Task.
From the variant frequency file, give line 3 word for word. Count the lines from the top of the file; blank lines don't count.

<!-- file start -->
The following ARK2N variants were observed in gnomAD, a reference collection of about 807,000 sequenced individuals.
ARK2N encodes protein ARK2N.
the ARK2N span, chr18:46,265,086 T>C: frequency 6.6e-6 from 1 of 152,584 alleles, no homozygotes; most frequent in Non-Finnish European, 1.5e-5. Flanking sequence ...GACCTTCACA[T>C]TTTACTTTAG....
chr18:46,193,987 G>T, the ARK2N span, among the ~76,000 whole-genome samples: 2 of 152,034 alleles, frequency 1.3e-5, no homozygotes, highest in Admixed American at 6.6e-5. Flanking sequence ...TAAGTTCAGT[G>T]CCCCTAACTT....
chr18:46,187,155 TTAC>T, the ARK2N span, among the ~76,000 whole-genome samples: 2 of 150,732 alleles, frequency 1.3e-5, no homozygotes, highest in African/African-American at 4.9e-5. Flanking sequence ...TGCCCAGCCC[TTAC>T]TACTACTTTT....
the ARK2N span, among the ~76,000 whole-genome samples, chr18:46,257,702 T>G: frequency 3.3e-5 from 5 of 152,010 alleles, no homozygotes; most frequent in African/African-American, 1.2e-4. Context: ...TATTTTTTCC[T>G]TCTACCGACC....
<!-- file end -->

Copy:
the ARK2N span, chr18:46,265,086 T>C: frequency 6.6e-6 from 1 of 152,584 alleles, no homozygotes; most frequent in Non-Finnish European, 1.5e-5. Flanking sequence ...GACCTTCACA[T>C]TTTACTTTAG....